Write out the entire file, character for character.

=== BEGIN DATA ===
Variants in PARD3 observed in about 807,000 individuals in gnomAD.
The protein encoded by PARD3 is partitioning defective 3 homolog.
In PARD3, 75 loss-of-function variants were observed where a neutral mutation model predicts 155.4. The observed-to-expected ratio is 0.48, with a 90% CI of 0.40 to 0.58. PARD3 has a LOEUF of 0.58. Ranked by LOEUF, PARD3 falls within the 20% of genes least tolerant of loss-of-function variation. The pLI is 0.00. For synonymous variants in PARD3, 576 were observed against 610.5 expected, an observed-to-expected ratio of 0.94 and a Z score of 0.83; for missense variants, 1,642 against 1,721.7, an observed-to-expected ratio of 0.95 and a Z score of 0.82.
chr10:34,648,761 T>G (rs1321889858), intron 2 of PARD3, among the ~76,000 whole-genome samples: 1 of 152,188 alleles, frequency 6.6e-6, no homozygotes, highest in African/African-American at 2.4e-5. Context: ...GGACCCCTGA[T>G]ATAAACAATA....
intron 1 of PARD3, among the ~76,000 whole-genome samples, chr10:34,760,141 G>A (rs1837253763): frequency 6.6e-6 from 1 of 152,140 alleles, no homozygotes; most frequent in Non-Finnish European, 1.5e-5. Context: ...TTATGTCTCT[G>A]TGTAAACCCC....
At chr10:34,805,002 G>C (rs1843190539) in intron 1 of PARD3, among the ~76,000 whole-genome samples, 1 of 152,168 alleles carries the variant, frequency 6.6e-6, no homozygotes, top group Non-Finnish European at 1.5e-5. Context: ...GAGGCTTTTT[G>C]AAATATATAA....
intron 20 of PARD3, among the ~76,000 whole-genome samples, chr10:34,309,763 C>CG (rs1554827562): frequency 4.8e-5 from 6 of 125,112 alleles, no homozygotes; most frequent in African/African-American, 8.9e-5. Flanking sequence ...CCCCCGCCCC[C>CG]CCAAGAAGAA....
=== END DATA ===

Variants in PARD3 observed in about 807,000 individuals in gnomAD.
The protein encoded by PARD3 is partitioning defective 3 homolog.
In PARD3, 75 loss-of-function variants were observed where a neutral mutation model predicts 155.4. The observed-to-expected ratio is 0.48, with a 90% CI of 0.40 to 0.58. PARD3 has a LOEUF of 0.58. Ranked by LOEUF, PARD3 falls within the 20% of genes least tolerant of loss-of-function variation. The pLI is 0.00. For synonymous variants in PARD3, 576 were observed against 610.5 expected, an observed-to-expected ratio of 0.94 and a Z score of 0.83; for missense variants, 1,642 against 1,721.7, an observed-to-expected ratio of 0.95 and a Z score of 0.82.
chr10:34,648,761 T>G (rs1321889858), intron 2 of PARD3, among the ~76,000 whole-genome samples: 1 of 152,188 alleles, frequency 6.6e-6, no homozygotes, highest in African/African-American at 2.4e-5. Context: ...GGACCCCTGA[T>G]ATAAACAATA....
intron 1 of PARD3, among the ~76,000 whole-genome samples, chr10:34,760,141 G>A (rs1837253763): frequency 6.6e-6 from 1 of 152,140 alleles, no homozygotes; most frequent in Non-Finnish European, 1.5e-5. Context: ...TTATGTCTCT[G>A]TGTAAACCCC....
At chr10:34,805,002 G>C (rs1843190539) in intron 1 of PARD3, among the ~76,000 whole-genome samples, 1 of 152,168 alleles carries the variant, frequency 6.6e-6, no homozygotes, top group Non-Finnish European at 1.5e-5. Context: ...GAGGCTTTTT[G>C]AAATATATAA....
intron 20 of PARD3, among the ~76,000 whole-genome samples, chr10:34,309,763 C>CG (rs1554827562): frequency 4.8e-5 from 6 of 125,112 alleles, no homozygotes; most frequent in African/African-American, 8.9e-5. Flanking sequence ...CCCCCGCCCC[C>CG]CCAAGAAGAA....